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Kitto's Popular Cyclopedia of Biblial Literature

Engines of War

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Fig. 174—Battering Ram

Engines of War were certainly known much earlier than the Greek writers appear to admit, since figures of them occur in Egyptian monuments, where two kinds of the testudo, or pent-house, used as shelters for the besiegers, are represented, and a colossal lance, worked by men who, under the cover of a testudo, drive the point between the stones of a city wall. The chief projectiles were the catapults for throwing darts, and the ballista for throwing stones. Both these kinds of instruments were prepared by Uzziah for the defense of Jerusalem (), and battering the wall is mentioned in the reign of King David (); but the instrument itself for throwing it down may have been that above-noticed, and not the battering-ram. The ram was, however, a simple machine, and capable of demolishing the strongest walls, provided access to the foot was practicable: for the mass of cast metal which formed the head could be fixed to a beam lengthened sufficiently to require between one and two hundred men to lift and impel it; and when it was still heavier, and hung in the lower floor of a moveable tower, it became a most formidable engine of war—one used in all great sieges from the time of Demetrius, about B.C. 306, till long after the invention of gunpowder. Towers of this kind were largely used at the destruction of Jerusalem by the Romans.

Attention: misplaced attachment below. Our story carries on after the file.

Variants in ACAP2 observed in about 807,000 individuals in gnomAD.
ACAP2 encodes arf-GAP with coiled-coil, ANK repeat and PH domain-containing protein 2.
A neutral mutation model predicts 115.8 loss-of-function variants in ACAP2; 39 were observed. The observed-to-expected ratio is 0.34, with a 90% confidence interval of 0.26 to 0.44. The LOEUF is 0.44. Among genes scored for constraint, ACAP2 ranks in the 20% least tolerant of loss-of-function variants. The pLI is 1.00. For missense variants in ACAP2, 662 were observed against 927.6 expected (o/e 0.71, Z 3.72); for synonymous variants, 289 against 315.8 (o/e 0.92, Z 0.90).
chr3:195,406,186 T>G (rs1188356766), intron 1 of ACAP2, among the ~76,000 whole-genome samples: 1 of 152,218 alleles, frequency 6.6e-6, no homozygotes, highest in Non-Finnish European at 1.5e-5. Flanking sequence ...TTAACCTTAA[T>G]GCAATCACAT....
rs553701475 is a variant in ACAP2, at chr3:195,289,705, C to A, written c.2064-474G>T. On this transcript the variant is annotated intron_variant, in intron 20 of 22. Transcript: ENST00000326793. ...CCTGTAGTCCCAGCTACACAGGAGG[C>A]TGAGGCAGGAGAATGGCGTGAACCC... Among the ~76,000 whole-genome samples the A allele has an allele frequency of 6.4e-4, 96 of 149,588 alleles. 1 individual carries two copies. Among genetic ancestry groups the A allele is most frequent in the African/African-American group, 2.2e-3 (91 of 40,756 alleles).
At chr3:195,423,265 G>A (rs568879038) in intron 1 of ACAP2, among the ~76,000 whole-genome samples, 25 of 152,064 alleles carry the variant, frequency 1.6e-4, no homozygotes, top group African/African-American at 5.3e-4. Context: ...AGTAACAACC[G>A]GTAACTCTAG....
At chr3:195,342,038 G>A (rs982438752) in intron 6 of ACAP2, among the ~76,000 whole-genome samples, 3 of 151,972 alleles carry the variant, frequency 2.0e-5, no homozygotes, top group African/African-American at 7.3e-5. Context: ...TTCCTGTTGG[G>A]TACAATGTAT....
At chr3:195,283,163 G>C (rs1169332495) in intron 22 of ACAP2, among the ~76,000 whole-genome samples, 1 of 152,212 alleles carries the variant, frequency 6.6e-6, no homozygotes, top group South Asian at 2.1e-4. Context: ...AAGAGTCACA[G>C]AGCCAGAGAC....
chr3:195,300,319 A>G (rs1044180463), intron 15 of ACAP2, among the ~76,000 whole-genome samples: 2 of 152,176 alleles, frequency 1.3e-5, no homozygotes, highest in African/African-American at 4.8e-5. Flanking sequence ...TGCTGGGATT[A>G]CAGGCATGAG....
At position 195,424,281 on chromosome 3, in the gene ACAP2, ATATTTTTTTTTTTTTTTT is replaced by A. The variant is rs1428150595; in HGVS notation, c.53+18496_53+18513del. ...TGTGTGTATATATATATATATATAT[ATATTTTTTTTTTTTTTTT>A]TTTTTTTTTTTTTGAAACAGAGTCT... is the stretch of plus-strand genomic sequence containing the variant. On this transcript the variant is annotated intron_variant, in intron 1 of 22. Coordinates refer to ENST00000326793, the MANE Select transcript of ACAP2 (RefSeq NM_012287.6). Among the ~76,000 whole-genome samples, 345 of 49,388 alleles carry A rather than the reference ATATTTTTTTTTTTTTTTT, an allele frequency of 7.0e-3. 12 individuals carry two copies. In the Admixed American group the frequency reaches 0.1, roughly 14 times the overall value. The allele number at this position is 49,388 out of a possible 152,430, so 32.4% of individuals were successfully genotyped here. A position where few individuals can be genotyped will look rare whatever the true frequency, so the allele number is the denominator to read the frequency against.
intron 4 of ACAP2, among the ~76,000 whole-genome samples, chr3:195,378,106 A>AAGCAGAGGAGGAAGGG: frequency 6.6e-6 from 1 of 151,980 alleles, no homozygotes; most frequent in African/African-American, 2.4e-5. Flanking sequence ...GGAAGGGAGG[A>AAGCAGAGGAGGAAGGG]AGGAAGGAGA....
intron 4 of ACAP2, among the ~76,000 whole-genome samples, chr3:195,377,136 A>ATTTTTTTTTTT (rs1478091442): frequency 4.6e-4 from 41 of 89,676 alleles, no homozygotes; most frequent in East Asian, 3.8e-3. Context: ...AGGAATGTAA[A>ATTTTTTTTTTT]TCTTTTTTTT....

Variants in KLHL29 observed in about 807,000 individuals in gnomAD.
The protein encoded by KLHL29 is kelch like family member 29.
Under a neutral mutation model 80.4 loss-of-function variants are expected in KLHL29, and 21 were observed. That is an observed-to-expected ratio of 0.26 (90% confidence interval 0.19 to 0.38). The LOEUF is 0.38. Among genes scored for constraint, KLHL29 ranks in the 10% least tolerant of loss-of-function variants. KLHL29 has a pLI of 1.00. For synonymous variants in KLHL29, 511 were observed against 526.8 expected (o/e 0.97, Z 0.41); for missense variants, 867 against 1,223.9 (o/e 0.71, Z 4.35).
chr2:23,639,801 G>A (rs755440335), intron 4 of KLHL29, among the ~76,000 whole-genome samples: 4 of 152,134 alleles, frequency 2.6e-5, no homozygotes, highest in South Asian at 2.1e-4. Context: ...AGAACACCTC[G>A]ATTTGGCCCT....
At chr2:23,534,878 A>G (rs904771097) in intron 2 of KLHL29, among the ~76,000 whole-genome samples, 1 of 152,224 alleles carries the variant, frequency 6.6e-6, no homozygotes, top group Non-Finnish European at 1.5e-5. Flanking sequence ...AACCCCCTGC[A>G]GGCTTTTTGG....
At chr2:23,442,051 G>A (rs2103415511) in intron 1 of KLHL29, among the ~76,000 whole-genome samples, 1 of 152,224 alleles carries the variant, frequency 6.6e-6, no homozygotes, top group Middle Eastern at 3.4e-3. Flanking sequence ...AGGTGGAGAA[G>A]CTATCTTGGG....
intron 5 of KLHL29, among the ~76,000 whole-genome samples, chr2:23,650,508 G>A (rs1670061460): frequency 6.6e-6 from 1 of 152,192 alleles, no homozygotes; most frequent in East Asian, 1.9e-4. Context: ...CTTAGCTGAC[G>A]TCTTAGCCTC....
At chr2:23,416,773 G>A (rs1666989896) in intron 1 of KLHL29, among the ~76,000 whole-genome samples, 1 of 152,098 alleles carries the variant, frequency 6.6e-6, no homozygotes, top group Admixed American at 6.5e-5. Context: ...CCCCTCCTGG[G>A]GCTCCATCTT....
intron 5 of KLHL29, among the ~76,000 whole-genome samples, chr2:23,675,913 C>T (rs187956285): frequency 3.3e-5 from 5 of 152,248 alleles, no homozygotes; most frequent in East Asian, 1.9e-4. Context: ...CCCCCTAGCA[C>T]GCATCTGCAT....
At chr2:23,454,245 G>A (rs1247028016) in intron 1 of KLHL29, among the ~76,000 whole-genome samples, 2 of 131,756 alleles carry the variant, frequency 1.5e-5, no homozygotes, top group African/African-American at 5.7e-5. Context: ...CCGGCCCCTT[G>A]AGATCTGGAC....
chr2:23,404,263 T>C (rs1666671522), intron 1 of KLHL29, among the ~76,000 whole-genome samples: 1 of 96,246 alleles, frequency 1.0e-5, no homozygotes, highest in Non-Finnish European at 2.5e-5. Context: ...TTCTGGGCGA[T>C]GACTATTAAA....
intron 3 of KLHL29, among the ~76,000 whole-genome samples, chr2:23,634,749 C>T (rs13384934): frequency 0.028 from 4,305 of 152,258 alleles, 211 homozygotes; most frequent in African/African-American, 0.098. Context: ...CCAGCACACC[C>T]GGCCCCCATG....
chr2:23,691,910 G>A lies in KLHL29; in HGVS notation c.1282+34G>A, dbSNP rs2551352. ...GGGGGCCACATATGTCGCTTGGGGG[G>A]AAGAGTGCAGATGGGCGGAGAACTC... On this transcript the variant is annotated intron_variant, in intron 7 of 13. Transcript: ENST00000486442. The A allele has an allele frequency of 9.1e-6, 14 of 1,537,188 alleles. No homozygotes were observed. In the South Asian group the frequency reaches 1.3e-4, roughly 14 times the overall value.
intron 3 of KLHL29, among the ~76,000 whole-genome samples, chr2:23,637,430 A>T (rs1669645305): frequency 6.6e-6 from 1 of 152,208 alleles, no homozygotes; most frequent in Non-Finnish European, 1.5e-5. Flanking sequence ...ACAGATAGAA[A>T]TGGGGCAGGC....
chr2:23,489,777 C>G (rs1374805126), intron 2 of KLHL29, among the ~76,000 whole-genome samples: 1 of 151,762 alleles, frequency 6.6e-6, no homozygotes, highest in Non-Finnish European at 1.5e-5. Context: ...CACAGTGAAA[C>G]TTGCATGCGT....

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Kitto, John, ed. Entry for 'Engines of War'. "Kitto's Popular Cyclopedia of Biblial Literature".

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